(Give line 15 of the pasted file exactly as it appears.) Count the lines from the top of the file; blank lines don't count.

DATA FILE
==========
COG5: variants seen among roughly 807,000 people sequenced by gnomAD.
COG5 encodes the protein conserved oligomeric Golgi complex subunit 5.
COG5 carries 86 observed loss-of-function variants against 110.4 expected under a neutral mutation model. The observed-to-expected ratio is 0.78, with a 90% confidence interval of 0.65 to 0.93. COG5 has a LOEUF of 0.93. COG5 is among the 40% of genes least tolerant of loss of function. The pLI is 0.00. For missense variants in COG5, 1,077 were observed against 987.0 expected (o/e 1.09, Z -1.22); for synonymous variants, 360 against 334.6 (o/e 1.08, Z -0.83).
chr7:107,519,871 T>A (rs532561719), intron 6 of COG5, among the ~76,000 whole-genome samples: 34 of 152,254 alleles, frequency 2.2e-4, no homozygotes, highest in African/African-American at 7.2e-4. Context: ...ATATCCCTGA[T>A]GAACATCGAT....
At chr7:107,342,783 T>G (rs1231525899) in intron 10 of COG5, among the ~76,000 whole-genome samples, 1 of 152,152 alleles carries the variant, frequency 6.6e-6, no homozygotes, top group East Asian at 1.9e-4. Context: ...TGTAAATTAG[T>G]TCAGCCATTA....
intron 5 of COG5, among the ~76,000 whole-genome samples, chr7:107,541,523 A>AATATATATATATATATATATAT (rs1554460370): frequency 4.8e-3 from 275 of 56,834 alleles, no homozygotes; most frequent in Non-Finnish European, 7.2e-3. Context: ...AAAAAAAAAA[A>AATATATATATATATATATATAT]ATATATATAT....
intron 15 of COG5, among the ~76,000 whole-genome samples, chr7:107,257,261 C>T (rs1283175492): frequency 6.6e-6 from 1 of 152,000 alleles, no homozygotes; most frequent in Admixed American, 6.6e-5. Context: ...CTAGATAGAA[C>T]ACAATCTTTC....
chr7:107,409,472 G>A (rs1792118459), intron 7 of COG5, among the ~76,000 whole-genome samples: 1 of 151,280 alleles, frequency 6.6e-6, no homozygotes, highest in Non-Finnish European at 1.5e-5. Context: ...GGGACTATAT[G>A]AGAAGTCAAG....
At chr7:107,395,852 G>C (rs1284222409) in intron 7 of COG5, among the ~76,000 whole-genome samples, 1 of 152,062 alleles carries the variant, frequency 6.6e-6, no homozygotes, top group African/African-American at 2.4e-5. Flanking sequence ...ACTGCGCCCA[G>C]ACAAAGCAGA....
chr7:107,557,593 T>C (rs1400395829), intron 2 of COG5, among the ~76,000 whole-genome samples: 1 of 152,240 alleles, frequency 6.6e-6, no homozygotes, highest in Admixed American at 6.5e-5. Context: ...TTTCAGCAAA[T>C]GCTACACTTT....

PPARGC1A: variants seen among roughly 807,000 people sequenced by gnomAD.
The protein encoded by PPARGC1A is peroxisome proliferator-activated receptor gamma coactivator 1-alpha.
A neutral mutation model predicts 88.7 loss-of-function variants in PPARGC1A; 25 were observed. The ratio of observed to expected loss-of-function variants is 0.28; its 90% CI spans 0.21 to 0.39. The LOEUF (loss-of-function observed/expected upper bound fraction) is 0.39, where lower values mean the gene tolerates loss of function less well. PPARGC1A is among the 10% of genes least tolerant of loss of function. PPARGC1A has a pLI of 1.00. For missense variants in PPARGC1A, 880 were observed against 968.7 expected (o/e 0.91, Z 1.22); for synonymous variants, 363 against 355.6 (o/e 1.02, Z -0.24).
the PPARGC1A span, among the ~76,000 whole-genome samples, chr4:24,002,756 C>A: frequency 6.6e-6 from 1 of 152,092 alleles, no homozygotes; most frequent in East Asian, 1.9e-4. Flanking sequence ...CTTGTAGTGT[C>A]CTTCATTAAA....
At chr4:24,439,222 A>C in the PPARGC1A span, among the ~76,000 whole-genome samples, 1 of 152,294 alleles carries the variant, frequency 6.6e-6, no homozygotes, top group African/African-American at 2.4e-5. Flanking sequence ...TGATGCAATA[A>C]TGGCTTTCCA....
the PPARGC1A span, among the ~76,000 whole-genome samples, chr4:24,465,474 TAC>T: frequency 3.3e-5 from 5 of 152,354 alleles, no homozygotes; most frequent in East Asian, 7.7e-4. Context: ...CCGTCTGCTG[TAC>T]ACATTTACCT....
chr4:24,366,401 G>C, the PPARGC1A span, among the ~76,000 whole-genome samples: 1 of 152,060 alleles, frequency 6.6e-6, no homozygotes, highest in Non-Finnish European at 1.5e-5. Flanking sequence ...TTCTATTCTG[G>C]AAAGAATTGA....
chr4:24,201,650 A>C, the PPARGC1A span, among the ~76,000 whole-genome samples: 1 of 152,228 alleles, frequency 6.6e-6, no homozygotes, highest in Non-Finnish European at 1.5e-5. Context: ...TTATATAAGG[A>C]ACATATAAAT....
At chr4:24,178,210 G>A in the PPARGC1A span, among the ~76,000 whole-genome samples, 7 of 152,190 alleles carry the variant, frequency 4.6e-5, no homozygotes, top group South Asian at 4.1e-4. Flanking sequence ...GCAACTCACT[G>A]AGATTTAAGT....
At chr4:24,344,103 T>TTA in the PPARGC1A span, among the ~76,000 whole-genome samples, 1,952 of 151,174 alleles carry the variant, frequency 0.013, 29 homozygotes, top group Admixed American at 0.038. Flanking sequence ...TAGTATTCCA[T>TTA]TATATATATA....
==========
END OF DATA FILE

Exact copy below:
At chr4:24,439,222 A>C in the PPARGC1A span, among the ~76,000 whole-genome samples, 1 of 152,294 alleles carries the variant, frequency 6.6e-6, no homozygotes, top group African/African-American at 2.4e-5. Flanking sequence ...TGATGCAATA[A>C]TGGCTTTCCA....